Overview of U.S. Durable Goods Orders

Wednesday’s U.S. economic agenda focuses on the release of July’s durable goods orders data. The U.S. Census Bureau will release its monthly report at 12:30 p.m. CST. The report is expected to report a 4.3% increase in overall orders for the month, compared to an upwardly revised 7.6% last month. Core durable goods orders, which exclude transportation items and tend to have a broader impact than the more volatile overall data, are expected to increase 2%, compared to 3.6% in the prior month. Orders for nondefense capital goods (excluding aircraft and parts) – considered a proxy for business investment – are expected to rise 1.9%, compared with a 3.4% increase in June.

How might this affect the EUR/USD?

Weak readings will further add to the growing market concern over the US economic recovery. This, in turn, could prompt some fresh selling around the dollar and assist the pair in gaining some positive traction. Conversely, market reaction to the surprisingly stronger-than-expected data is likely to be limited, as the focus remains on Fed Chairman Powell’s speech at the Jackson Hole Symposium on Thursday. Nonetheless, the data could still provide some momentum and assist traders in seizing some short-term opportunities.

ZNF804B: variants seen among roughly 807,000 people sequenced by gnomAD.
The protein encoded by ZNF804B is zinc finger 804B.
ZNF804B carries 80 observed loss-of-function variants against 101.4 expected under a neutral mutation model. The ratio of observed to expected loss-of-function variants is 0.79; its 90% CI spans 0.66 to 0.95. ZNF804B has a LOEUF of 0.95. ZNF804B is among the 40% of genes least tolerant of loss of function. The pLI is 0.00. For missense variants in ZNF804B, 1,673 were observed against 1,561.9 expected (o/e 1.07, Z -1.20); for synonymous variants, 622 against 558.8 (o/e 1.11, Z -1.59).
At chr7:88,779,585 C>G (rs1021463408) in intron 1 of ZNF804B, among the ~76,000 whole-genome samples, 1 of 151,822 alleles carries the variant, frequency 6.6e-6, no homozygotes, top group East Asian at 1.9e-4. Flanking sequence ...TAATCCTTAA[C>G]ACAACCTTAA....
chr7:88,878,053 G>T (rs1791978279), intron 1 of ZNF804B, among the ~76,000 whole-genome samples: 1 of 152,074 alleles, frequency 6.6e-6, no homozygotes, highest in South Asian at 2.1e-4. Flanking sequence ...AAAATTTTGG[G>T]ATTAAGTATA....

Meanwhile, FXStreet’s own analyst Yohay Elam provided some of the main important technical levels for trading EUR/USD.” First support is at 1.18, followed by 1.1750, which was last week’s volatility low. The 1.17 round figure level remains an important cushion after holding EUR/USD several times in August.”

“Above 1.1850, the next level to watch is 1.1915, the peak in early August. After that is y 1.1965, the recent two-year high.” Yohay further added.”

Key notes

July Durable Goods Orders Preview. There’s some catching up to do

EUR/USD Forecast. Will slip amid stubborn resistance, fears of Fed failure fuel markets.

EUR/USD Price Analysis. Looks to range-move above 1.1750.

About U.S. Durable Goods Orders

Durable goods orders released by the U.S. Census Bureau measure the cost of orders received by manufacturers for durable goods, which are goods that are scheduled to last three or more years, such as automobiles and appliances. Because these durable goods often involve large investments, they are sensitive to U.S. economic conditions. The last number shows the status of U.S. production activity. In general, higher readings are bullish for the dollar.

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